Hollywood Reporter - 04/24/2002
"...Sprecher is largely successful with the shifting time sequences, aided by editor Stephen Mirrione, and the movie's muted, subdued production design by Mark Ricker is attractive..."
New York Times - 05/24/2002
"...Both straightforward and enigmatic: four fables of modern urban dissatisfaction woven into a fabric whose pattern is enchantingly elusive....THIRTEEN CONVERSATIONS is thrillingly smart..."
Los Angeles Times - 05/24/2002
"...Tautly written, resolutely low-key, intricately constructed and very serious about the risky business of being alive....It has an overwhelming sense of reality atypical of the American cinema..."
Rolling Stone - 06/20/2002
"...Arkin is flat-out perfection....Sprecher reaches deep into the minds and hearts of her characters in a haunting and hypnotic film..."
Chicago Sun-Times - 07/28/2002
"...A brilliant film..."
Entertainment Weekly - 11/22/2002
"...These CONVERSATIONS are the ultradeep kind..."
USA Today - 11/22/2002
"...The actors make you care..."
Sight and Sound - 06/01/2005
"[With] an intricate narrative structure which traces four interconnected, interpenetrating storylines with an ingenious time-scheme that loops neatly back on itself..."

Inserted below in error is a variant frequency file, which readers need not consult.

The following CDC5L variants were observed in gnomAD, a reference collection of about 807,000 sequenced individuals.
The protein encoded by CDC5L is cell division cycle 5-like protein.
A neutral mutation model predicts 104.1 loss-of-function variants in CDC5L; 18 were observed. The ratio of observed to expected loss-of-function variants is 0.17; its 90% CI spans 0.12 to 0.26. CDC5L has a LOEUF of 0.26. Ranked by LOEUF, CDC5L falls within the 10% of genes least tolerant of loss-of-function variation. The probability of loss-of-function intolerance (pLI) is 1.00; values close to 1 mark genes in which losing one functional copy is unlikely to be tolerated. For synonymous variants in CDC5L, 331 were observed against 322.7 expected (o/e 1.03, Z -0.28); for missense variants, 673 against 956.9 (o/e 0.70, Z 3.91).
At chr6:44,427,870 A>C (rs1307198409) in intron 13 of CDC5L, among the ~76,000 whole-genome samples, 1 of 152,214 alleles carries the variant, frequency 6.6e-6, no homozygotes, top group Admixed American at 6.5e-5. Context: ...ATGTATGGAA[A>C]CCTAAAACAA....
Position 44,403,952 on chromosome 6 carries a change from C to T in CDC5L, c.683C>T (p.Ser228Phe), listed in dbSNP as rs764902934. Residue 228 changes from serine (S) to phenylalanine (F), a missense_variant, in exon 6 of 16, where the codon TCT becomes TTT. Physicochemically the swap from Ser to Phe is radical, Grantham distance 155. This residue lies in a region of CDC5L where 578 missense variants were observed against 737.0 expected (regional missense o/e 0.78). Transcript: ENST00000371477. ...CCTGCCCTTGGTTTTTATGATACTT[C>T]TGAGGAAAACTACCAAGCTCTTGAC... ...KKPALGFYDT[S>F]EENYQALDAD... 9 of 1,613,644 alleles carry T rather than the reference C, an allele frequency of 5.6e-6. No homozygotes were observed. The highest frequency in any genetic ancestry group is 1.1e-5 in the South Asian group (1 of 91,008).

Uncut - 07/01/2005
"Each of these strands has its grace notes..."
THIRTEEN CONVERSATIONS ABOUT ONE THING tells the interconnected stories of several New Yorkers who are searching for meaning in their lives. Troy (Matthew McConaughy), a promising attorney, puts his seemingly bright future at risk when he drives away from an accident. He injures Beatrice (Clea DuVall), a young cleaning woman, and her recovery from the accident severely tests her natural optimism and affects her friend Dorrie (Tia Texada). Tiring of the predictable routine of his life, university teacher Walter (John Turturro) buys Troy's car and starts a relationship with another teacher, Helen (Barbara Sukowa). Walter's wife, Patricia (Amy Irving), is left to deal with his infidelity, but she finds a rare moment of solace on the subway when a stranger waves at her. The stranger, Gene (Alan Arkin), a claims adjuster weighed down by his responsibilities, resents the incurable optimism of his coworker Wade (William Wise).
The connections between these people are sometimes small and trivial, and other times momentous. But they are woven together with great skill by the film's scriptwriters, sisters Jill and Karen Sprecher. Jill Sprecher also directed the large cast, amongst whom the standouts are Amy Irving and Alan Arkin. Arkin in particular, with his beautifully modulated performance, essentially provides the spine of the movie.
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